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I don’t want to repeat Einstein’s mistakes… 

- Dmitry Vostokov @ LiterateScientist.com -

Ideas and Modern Mind

Friday, August 7th, 2009

This is an encyclopedic work I bought in a local book shop and finally finished reading today. It took me a year to read from cover to cover and pages were falling out of the glue but I continued to read. Highly recommended for education and another view on human history. The review of Freud was enlightening to me because I didn’t know about the recent scholarship criticizing his work. In fact, I so liked this book that just bought it again in a hardcover version from Folio Society and start rereading it again soon.

Ideas: A History of Thought and Invention, from Fire to Freud

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The second encyclopedic book seems was written before the previous one but looks like the logical sequel to it. I’m starting reading it next week.

The Modern Mind: An Intellectual History of the 20th Century

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- Dmitry Vostokov @ LiterateScientist.com -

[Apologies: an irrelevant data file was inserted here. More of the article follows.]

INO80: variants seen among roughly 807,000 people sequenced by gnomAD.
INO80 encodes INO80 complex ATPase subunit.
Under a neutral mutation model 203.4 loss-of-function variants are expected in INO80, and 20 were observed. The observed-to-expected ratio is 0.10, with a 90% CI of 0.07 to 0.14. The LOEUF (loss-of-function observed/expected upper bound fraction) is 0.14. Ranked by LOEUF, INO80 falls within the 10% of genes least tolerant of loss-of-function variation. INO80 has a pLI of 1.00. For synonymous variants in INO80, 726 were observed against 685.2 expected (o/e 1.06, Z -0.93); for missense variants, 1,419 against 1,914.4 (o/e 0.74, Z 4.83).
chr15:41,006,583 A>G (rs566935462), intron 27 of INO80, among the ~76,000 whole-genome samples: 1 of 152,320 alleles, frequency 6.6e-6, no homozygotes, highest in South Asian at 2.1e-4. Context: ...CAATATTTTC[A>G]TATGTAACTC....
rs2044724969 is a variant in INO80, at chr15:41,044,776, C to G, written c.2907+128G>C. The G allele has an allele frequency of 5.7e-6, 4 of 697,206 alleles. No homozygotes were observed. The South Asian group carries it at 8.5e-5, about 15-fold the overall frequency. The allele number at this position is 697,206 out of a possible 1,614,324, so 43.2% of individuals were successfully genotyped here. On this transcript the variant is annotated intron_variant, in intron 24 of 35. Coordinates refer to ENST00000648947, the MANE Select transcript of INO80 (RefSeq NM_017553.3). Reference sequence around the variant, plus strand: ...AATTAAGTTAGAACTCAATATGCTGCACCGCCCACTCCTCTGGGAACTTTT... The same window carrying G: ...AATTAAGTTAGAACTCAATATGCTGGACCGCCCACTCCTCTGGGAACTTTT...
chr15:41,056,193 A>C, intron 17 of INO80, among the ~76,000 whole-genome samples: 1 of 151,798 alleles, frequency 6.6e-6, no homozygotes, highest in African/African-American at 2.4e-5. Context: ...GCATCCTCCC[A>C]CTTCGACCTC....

Naming Infinity

Friday, July 3rd, 2009

I read this book from cover to cover while flying on a plane from Dublin to St. Petersburg and back. That was so wonderful reading experience - I couldn’t put the book down during those flights. I recall that I visited the Department of Mathematics a few times when I studied Chemistry in Moscow State University although at that time I knew next to nothing about Russian mathematicians. The book touched me so deeply that I bought the main work of Florensky: The Pillar and Ground of the Truth, the history of Russian philosophy and several books explaining Orthodox Church. This is the best mathematics history book I have ever read, my feelings perhaps comparable to those that I experienced when I finished reading Mathematics: The Loss of Certainty by Morris Kline but that was more than 20 years ago.

Naming Infinity: A True Story of Religious Mysticism and Mathematical Creativity

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- Dmitry Vostokov @ LiterateScientist.com -